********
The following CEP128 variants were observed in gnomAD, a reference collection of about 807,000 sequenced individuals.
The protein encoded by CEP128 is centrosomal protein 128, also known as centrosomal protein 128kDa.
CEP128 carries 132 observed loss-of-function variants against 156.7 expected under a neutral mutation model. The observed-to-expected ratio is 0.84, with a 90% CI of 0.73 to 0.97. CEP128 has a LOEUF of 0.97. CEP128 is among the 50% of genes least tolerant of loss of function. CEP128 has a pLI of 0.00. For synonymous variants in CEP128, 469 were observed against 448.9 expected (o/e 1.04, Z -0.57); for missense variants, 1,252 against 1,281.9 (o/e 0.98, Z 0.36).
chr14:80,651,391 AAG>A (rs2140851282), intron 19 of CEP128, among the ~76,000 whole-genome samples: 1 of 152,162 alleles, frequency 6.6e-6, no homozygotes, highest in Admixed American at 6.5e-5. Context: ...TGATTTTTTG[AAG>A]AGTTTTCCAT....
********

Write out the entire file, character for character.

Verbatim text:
The following CEP128 variants were observed in gnomAD, a reference collection of about 807,000 sequenced individuals.
The protein encoded by CEP128 is centrosomal protein 128, also known as centrosomal protein 128kDa.
CEP128 carries 132 observed loss-of-function variants against 156.7 expected under a neutral mutation model. The observed-to-expected ratio is 0.84, with a 90% CI of 0.73 to 0.97. CEP128 has a LOEUF of 0.97. CEP128 is among the 50% of genes least tolerant of loss of function. CEP128 has a pLI of 0.00. For synonymous variants in CEP128, 469 were observed against 448.9 expected (o/e 1.04, Z -0.57); for missense variants, 1,252 against 1,281.9 (o/e 0.98, Z 0.36).
chr14:80,651,391 AAG>A (rs2140851282), intron 19 of CEP128, among the ~76,000 whole-genome samples: 1 of 152,162 alleles, frequency 6.6e-6, no homozygotes, highest in Admixed American at 6.5e-5. Context: ...TGATTTTTTG[AAG>A]AGTTTTCCAT....